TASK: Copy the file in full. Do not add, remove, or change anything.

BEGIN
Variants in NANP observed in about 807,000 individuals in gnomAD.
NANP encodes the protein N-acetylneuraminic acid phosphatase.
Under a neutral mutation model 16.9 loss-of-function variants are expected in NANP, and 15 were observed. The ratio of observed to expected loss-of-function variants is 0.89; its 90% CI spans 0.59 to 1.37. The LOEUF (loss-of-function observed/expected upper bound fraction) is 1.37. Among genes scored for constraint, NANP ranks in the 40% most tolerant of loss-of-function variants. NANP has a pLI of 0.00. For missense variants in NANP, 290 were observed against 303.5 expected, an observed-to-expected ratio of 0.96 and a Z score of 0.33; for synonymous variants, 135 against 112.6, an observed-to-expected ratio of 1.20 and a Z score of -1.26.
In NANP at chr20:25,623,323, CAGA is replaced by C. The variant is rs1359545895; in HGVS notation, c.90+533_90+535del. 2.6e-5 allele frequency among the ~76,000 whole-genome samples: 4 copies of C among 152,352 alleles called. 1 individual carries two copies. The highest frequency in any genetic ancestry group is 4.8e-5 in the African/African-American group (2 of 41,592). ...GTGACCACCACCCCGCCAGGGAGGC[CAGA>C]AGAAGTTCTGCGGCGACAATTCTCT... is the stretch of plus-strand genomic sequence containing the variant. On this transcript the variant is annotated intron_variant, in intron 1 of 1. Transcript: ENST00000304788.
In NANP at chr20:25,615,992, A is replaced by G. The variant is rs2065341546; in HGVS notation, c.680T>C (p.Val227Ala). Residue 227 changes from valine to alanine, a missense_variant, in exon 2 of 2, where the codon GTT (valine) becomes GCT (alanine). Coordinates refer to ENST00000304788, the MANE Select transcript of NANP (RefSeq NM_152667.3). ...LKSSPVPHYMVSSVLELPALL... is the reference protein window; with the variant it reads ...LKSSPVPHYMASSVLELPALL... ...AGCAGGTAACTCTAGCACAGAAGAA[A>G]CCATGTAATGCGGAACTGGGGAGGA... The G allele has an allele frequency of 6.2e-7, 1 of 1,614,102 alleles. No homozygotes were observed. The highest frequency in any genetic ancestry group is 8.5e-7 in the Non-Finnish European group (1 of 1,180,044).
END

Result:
Variants in NANP observed in about 807,000 individuals in gnomAD.
NANP encodes the protein N-acetylneuraminic acid phosphatase.
Under a neutral mutation model 16.9 loss-of-function variants are expected in NANP, and 15 were observed. The ratio of observed to expected loss-of-function variants is 0.89; its 90% CI spans 0.59 to 1.37. The LOEUF (loss-of-function observed/expected upper bound fraction) is 1.37. Among genes scored for constraint, NANP ranks in the 40% most tolerant of loss-of-function variants. NANP has a pLI of 0.00. For missense variants in NANP, 290 were observed against 303.5 expected, an observed-to-expected ratio of 0.96 and a Z score of 0.33; for synonymous variants, 135 against 112.6, an observed-to-expected ratio of 1.20 and a Z score of -1.26.
In NANP at chr20:25,623,323, CAGA is replaced by C. The variant is rs1359545895; in HGVS notation, c.90+533_90+535del. 2.6e-5 allele frequency among the ~76,000 whole-genome samples: 4 copies of C among 152,352 alleles called. 1 individual carries two copies. The highest frequency in any genetic ancestry group is 4.8e-5 in the African/African-American group (2 of 41,592). ...GTGACCACCACCCCGCCAGGGAGGC[CAGA>C]AGAAGTTCTGCGGCGACAATTCTCT... is the stretch of plus-strand genomic sequence containing the variant. On this transcript the variant is annotated intron_variant, in intron 1 of 1. Transcript: ENST00000304788.
In NANP at chr20:25,615,992, A is replaced by G. The variant is rs2065341546; in HGVS notation, c.680T>C (p.Val227Ala). Residue 227 changes from valine to alanine, a missense_variant, in exon 2 of 2, where the codon GTT (valine) becomes GCT (alanine). Coordinates refer to ENST00000304788, the MANE Select transcript of NANP (RefSeq NM_152667.3). ...LKSSPVPHYMVSSVLELPALL... is the reference protein window; with the variant it reads ...LKSSPVPHYMASSVLELPALL... ...AGCAGGTAACTCTAGCACAGAAGAA[A>G]CCATGTAATGCGGAACTGGGGAGGA... The G allele has an allele frequency of 6.2e-7, 1 of 1,614,102 alleles. No homozygotes were observed. The highest frequency in any genetic ancestry group is 8.5e-7 in the Non-Finnish European group (1 of 1,180,044).